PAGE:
Fred Manske, Technical Specialist in Johnson's quality control department, was responsible for determining the extent of the loss. Manske first segregated those products not susceptible to damage from freezing and returned them to stock. Over 2,000 cases remained to be tested. Manske did not know where the cases had been located in the car. He recognized, however, that products near the perimeter of the car would freeze faster than those in the center, and so chose cases from each pallet in an attempt to obtain a representative sample from every location in the car. He followed the sampling method set forth in Military Standard 105-D2 in choosing the number of cases to inspect.
The tests conducted by Manske were simple. He tested Glade Solid, a gel-based air freshner, by checking for any free water that would leak from the gel during freezing. Glo-Coat, a floor polish, was tested by inspection for lumps or grain in the liquid. Aerosol products were tested by measuring the free water produced when the contents of the cans was sprayed. He found that all of the Glade Solid, Glo-Coat, Klear, Step Saver, Pledge Liquid, Pledge Aerosol, Favor and Jubilee had been damaged and ordered them scrapped. He also tested several products that were susceptible to freezing damage in theory, but which had never exhibited any actual damage in Manske's experience. None of these products were damaged. All of the testing was conducted in late March.
Manske took notes regarding the condition of each product as he performed the tests. Based upon these notes he prepared a memorandum for the salvage department, which was typed by his secretary. After reviewing the typed memorandum Manske disposed of the handwritten notes. He testified that he had not preserved the notes because they were illegible to anyone but himself and because all of the necessary information was contained in the memorandum.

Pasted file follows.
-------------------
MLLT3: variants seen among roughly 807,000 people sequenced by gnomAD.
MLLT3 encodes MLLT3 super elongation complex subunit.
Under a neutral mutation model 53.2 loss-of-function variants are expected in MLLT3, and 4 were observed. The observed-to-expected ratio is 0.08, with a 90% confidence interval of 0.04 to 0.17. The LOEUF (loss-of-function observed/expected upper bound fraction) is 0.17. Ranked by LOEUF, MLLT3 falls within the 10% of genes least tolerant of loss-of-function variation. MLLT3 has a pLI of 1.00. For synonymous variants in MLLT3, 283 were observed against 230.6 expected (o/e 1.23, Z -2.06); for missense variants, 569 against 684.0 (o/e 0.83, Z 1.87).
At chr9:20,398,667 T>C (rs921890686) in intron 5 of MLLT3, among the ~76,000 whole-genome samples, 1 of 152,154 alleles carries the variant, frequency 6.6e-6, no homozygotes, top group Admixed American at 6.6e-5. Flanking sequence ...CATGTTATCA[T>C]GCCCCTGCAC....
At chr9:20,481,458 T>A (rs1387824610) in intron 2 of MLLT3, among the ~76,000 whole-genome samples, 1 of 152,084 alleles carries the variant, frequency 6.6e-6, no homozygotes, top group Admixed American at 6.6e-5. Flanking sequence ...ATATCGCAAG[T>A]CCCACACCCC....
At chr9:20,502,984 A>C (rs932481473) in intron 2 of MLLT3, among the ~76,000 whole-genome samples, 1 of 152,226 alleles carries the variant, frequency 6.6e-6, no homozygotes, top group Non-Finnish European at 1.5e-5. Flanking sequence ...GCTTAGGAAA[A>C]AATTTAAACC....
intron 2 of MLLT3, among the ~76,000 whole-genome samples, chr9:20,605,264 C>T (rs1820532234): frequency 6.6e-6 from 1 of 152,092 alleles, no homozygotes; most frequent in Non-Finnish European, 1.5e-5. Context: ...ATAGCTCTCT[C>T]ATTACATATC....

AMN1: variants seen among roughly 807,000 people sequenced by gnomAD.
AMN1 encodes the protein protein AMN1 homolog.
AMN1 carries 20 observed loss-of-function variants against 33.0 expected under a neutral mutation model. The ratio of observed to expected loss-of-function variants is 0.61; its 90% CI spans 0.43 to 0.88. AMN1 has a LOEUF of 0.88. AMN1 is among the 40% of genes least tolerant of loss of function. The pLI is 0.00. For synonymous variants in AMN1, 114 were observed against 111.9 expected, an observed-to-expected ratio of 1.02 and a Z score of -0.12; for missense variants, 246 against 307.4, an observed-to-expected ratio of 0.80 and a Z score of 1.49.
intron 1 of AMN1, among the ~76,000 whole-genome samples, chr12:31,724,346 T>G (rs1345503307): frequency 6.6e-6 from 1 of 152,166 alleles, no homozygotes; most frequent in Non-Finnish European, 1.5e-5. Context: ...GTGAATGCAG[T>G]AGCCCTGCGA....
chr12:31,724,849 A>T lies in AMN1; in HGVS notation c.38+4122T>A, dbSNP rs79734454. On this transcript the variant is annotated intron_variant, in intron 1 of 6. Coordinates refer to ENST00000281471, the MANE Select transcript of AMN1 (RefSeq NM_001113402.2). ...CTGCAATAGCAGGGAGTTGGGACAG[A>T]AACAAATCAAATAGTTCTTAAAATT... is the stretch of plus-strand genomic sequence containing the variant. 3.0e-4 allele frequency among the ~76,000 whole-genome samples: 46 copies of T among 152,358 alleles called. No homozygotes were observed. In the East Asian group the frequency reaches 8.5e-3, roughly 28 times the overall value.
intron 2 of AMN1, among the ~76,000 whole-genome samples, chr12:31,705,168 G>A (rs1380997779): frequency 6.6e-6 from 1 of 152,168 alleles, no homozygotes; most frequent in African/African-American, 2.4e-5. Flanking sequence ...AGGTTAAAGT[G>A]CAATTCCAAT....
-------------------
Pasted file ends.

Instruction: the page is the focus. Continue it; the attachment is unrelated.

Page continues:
II. Prima Facie Case under the Carmack Amendment.
Johnson sued the L & N under the Carmack Amendment for the invoice value of the goods damaged by freezing. Under that Amendment a shipper must prove the following three elements to establish a prima facie case against a common carrier: (1) delivery of the goods to the carrier in good condition, (2) arrival of the goods in a damaged condition at the final destination, and (3) the amount of damage. Missouri Pacific Railroad v. Elmore & Stahl, 377 U.S. 134, 138, 84 S. Ct. 1142, 1144, 12 L. Ed. 2d 194 (1964). Once the shipper has established a prima facie case the carrier must demonstrate that it was not negligent and that the damage was caused by one of the following events: (1) an act of God, (2) an act of the public enemy, (3) an act of the shipper, (4) an act of the public authority or (5) the inherent nature or vice of the goods. 377 U.S. at 137-38, 84 S. Ct. at 1144-45.
The Carmack Amendment was enacted to "relieve shippers of the burden of searching out a particular negligent carrier from among the often numerous carriers handling an interstate shipment of goods." Reider v. Thompson, 339 U.S. 113, 119, 70 S. Ct. 499, 502, 94 L. Ed. 698 (1950). To claim the benefits of the Carmack Amendment a shipper must sue either the carrier issuing the bill of lading or the carrier delivering the goods to the final destination. 49 U.S.C. § 11707(a) (1). Either of these carriers will be liable for damage caused by any carrier used during the trip. The initiating or delivering carrier may in turn seek recovery from the carrier responsible for the loss. 49 U.S.C. § 11707(b).